DAO prepress abstract  -  DOI: https://doi.org/10.3354/dao03379

Did we miss something? Acanthocephalan infection patterns in amphipods: a reappraisal in the light of recently discovered host cryptic diversity

Matthias Galipaud, Loïc Bollache, Clément Lagrue*

*Email: lagrue@ualberta.ca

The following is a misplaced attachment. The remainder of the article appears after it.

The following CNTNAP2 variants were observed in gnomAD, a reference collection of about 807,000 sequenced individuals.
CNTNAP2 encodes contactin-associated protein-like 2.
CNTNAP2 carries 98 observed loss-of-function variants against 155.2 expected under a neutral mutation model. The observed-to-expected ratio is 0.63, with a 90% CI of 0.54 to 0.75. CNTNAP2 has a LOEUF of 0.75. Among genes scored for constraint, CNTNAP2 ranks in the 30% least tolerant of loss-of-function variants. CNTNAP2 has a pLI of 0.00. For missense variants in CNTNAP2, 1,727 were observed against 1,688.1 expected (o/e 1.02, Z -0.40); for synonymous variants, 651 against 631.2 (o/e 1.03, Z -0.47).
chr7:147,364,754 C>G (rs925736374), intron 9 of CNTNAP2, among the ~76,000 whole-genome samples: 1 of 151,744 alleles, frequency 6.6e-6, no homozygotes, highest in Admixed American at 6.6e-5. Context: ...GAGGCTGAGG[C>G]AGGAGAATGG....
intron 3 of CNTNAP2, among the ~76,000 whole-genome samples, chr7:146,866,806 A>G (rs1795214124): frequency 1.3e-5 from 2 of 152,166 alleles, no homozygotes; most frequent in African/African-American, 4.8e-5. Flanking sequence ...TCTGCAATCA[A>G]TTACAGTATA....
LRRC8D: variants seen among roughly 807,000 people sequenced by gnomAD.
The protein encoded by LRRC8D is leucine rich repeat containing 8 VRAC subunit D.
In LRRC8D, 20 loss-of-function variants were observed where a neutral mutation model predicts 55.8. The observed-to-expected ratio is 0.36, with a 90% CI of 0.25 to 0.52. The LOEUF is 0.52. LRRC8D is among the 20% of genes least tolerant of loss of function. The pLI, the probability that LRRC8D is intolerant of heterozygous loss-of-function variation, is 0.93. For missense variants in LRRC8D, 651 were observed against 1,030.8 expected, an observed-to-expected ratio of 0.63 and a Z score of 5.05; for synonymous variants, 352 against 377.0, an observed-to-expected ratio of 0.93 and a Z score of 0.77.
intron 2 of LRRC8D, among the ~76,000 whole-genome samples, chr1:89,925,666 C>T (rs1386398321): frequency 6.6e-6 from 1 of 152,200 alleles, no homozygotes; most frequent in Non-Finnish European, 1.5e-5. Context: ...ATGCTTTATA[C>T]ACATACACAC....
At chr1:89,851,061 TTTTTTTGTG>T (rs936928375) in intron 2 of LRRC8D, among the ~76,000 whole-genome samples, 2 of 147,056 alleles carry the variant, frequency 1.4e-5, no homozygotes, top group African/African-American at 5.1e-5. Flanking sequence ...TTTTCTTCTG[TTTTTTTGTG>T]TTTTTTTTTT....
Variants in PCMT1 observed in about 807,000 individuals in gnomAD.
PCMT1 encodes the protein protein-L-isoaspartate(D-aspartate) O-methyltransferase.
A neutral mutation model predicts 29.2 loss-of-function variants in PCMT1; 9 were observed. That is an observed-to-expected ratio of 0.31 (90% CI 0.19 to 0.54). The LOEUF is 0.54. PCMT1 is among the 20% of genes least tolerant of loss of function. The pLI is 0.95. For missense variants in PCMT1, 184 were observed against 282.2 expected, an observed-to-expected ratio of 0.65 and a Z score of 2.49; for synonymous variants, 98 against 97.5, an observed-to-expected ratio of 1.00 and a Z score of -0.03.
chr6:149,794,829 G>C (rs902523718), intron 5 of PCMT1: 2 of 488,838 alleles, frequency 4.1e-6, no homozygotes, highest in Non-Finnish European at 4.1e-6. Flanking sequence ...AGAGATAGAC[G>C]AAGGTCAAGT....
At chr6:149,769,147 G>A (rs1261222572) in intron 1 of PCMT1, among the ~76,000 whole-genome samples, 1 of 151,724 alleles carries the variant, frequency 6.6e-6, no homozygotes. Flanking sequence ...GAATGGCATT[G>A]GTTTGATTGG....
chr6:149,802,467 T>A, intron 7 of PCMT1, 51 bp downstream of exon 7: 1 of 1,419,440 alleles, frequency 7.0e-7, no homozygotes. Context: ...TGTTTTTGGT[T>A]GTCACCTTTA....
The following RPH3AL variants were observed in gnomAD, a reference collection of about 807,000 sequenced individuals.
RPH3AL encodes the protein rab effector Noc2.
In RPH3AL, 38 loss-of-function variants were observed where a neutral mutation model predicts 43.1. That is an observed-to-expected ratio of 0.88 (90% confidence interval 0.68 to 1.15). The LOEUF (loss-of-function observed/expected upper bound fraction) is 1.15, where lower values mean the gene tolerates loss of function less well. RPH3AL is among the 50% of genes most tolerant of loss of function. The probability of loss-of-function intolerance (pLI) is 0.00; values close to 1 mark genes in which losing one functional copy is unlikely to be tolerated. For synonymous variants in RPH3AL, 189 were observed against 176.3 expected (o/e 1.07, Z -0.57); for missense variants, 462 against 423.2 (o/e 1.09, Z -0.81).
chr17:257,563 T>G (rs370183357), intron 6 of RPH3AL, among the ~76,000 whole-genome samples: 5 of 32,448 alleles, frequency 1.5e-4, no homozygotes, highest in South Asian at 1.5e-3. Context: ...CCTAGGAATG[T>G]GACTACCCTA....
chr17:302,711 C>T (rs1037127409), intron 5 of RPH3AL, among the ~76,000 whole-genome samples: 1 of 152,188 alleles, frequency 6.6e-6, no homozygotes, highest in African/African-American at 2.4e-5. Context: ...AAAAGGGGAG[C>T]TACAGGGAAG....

ABSTRACT: Amphipods are model species in studies of pervasive biological patterns such as sexual selection, size assortative pairing and parasite infection patterns. Cryptic diversity (i.e. morphologically identical but genetically divergent lineages) has recently been detected in several species. Potential effects of such hidden diversity on biological patterns remain unclear but potentially significant. It begs the question, have we missed part of the picture by involuntarily overlooking the occurrence and effects of cryptic diversity on biological patterns documented by previous studies? We test for potential effects of cryptic diversity on parasite infection patterns in amphipod populations and discuss the implications of our results in studies in the context of previously documented host-parasite infection patterns, especially amphipod-acanthocephalan associations. We assessed infection levels (prevalence and abundance) of three acanthocephalan species, Pomphorhynchus laevis, Pomphorhynchus tereticollis and Polymorphus minutus, among cryptic lineages of the Gammarus pulex/Gammarus fossarum species complex and Gammarus roeselii from sampling sites where they occur in sympatry. We also evaluated potential differences in parasite-induced mortality among host molecular operational taxonomic units (i.e. MOTU)–parasite species combinations. Acanthocephalan prevalence, abundance and parasite-induced mortality varied widely among cryptic MOTUs and parasite species; infection patterns were more variable among MOTUs than sampling sites. Overall, cryptic diversity in amphipods strongly influenced apparent infection levels and parasite-induced mortality. Future research on species with cryptic diversity should account for potential effects on documented biological patterns. Results from previous studies may also need to be reassessed in the light of cryptic diversity and its pervasive effects.